Feathers, Wine and Salt?

May 2023 – Chile


In early May we celebrated our wedding anniversary in Santiago, Chile with a very lovely sushi dinner.  Mike and Geneva have been married for 19 years!

Then we packed up from our city street parking location and went driving around the area to see a few things.  The first stop was a vineyard with a renowned private collection also known as a private museum.  In Chilean history the wealth and power was held by ranching families with vast expanses of land, huge numbers of cattle and the ability to withstand economic changes.  Add an old family vineyard to the mix and you have the funds to acquire high quality ancient artifacts and build your own museum to display them.  This facility contained items unlike anything we have seen in South America.  I will share just a few of them here.

Sewing kit with combs and adornments.  Plant fiber, cactus spines, feathers. Found in Arica, Chile 900-1470 AC

These items are from a sewing kit.  The person who owned this little box collected items to be sewn as decoration or detail on blankets, shawls, baskets and other items.  Please note the incredible quality of preservation of these small items.  These are not dusty, crumbling items being poorly stored in a major museum.  The curation of this facility was incredible, as you will see in the remaining photos.

Those lampshade shaped things are actually hats.  And the fluffiness and brilliantly colored designs are feathers.  Each of these are still incredibly brightly colored and well preserved.  Amazing quality, amazing care provided.   But the next item really enraptured me.  I will begin with a photo taken from many feet away.  Then work closer and closer so you can see the materials, the detail, the preservation and finally the date of this ancient object. Perhaps you will be as impressed as I was.






This is a ceremonial shawl.  It is made from feathers that are sewn together with plant (cactus) and animal (vicuna) fibers.  It has been preserved and cared for since the time period 900-1460AD.  And yet, somehow this item is still here, on display centuries later.

The vineyards were lovely.  The wine was okay. But I was extremely moved by the quality of the private collection of the Claro family who made this presentation possible.  Here is a link to the Santa Rita Winery, which houses the Museo Andino.  https://www.santarita.com/en/

Many miles away from the vineyards, we arrived at the ocean.  We explored some large boulders, rumored to be affiliated with Incan ceremonies at one time.

And then we settled in to a campsite on a cliff overlooking the Chilean coast and the Pacific Ocean.  The sky and the sea met in a blur, and the winds whipped up the cliff face. keeping us indoors for most of our time at this location.


But our final destination graced us with pleasant weather and interesting lessons on inland salt harvesting.  This area is graced with a saline-rich spring, which is similar to a place we visited in Peru quite some time ago.  Here is the link if you want to view that post.  https://slowcarfasthouse.com/2019/12/23/peru-maras-and-the-amazing-salt-beds/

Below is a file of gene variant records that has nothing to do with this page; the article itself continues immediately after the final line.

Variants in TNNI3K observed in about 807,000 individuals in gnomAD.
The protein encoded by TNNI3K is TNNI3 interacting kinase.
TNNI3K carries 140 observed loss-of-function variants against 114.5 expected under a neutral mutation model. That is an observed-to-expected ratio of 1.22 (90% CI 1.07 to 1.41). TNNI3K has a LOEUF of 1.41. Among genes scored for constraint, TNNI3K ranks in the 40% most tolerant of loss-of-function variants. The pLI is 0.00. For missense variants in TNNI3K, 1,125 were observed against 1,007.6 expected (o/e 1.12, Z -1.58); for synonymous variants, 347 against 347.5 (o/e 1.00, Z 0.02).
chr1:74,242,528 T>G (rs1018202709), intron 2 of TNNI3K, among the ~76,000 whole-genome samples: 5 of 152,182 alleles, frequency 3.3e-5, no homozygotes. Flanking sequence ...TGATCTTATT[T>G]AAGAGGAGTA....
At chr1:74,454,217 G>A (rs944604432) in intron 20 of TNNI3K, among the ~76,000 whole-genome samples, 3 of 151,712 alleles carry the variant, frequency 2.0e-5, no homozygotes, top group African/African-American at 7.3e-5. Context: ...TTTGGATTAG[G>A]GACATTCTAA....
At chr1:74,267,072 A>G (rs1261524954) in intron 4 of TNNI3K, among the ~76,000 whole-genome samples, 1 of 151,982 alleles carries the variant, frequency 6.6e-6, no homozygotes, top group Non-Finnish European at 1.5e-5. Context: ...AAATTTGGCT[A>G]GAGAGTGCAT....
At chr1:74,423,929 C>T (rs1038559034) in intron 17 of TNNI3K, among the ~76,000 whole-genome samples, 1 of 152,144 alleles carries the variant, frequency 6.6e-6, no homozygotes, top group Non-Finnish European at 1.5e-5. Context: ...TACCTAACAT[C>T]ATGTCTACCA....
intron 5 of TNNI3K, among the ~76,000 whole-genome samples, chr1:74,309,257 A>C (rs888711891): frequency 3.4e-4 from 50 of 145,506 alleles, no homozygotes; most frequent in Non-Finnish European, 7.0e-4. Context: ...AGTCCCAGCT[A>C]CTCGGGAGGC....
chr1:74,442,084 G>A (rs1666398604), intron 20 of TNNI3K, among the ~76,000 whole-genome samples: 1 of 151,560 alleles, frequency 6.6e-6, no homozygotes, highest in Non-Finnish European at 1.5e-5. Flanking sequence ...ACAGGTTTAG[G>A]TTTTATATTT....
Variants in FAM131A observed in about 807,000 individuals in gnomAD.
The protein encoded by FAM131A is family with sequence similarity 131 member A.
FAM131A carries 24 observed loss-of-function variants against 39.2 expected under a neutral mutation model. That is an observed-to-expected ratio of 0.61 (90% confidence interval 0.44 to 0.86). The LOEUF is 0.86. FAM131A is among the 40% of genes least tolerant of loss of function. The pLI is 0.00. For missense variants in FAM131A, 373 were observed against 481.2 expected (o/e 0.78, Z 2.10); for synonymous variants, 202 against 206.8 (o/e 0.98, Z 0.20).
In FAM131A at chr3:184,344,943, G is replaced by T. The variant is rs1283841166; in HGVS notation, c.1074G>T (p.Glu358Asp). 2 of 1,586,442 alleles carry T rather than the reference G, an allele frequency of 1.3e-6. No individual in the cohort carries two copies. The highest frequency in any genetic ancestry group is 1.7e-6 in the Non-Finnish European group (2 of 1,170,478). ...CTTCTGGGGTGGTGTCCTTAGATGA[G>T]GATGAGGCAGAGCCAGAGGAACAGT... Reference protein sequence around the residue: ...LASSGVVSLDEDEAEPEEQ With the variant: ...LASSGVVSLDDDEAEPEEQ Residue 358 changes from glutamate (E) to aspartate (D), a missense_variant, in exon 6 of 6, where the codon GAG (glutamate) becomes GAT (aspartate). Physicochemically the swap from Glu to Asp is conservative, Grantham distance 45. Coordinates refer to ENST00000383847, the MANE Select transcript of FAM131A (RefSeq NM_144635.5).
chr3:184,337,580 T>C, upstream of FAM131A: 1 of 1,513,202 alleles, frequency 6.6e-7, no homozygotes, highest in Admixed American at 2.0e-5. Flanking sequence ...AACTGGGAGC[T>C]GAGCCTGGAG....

We settled in to a great campsite on the shores of the salty lake. We had gorgeous birds outside our door and salt beds in the distance.  This was a calm and beautiful place to spend the night.

The dogs enjoyed running along the pathways and deckings in between the various drying beds.  The layout was like a maze, and they enjoyed every moment of it.


The next series shows the drying salt beds from a distance to up close.  The water is very shallow, allowing it to evaporate slowly.  As the water evaporates the salt clusters along the edges of the shoreline.  There it is raked up into the large piles shown above.  Once it is dried it is bagged in various quantities and shipped or sold.

The beautiful birds of these lakes were entertaining to watch.  They landed on the various piers and walkways and surveyed the ponds.  Although the dogs were not interested in the birds, they certainly were nervous about the dogs.

Closing photo set will be a series of Mike and the dogs walking on a piers between the ponds.  Towards the end of their walk, the dogs noticed me in the distance and came running at me!

5 thoughts on “Feathers, Wine and Salt?

  1. Happy Anniversary, amazing photos and discoveries of the “off the beaten path.” Love you all.

  2. Those items at the museum are amazing. I have the Museo Andino marked. Do you have a name for the salt flats? I’ll probably find it in iOverlander. 🙂 Off to check your Peruvian post about that now.

  3. Such a wonderful and insightful posting. I prefer this blog format over a YouTube video that would be skimming over the museum and the salt flats etc. This allows me to take my time with the photos and read over the text. Congratulations on your anniversary and thanks so much for sharing these memories with us.

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